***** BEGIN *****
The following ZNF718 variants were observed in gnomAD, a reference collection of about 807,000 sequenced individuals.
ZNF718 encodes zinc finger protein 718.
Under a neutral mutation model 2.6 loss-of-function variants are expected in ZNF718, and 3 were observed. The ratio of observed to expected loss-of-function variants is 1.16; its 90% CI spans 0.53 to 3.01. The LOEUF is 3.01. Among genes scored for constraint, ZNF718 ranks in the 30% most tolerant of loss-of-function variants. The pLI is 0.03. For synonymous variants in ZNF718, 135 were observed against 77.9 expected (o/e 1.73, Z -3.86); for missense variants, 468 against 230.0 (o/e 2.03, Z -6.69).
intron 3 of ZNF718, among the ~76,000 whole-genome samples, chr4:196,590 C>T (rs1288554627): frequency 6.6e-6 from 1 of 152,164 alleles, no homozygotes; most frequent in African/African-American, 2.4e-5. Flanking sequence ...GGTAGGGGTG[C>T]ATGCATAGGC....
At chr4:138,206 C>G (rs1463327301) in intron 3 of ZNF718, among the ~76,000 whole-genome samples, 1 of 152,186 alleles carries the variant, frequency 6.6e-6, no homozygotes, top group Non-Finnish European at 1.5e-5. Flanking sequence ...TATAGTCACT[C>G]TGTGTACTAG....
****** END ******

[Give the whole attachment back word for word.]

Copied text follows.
The following ZNF718 variants were observed in gnomAD, a reference collection of about 807,000 sequenced individuals.
ZNF718 encodes zinc finger protein 718.
Under a neutral mutation model 2.6 loss-of-function variants are expected in ZNF718, and 3 were observed. The ratio of observed to expected loss-of-function variants is 1.16; its 90% CI spans 0.53 to 3.01. The LOEUF is 3.01. Among genes scored for constraint, ZNF718 ranks in the 30% most tolerant of loss-of-function variants. The pLI is 0.03. For synonymous variants in ZNF718, 135 were observed against 77.9 expected (o/e 1.73, Z -3.86); for missense variants, 468 against 230.0 (o/e 2.03, Z -6.69).
intron 3 of ZNF718, among the ~76,000 whole-genome samples, chr4:196,590 C>T (rs1288554627): frequency 6.6e-6 from 1 of 152,164 alleles, no homozygotes; most frequent in African/African-American, 2.4e-5. Flanking sequence ...GGTAGGGGTG[C>T]ATGCATAGGC....
At chr4:138,206 C>G (rs1463327301) in intron 3 of ZNF718, among the ~76,000 whole-genome samples, 1 of 152,186 alleles carries the variant, frequency 6.6e-6, no homozygotes, top group Non-Finnish European at 1.5e-5. Flanking sequence ...TATAGTCACT[C>G]TGTGTACTAG....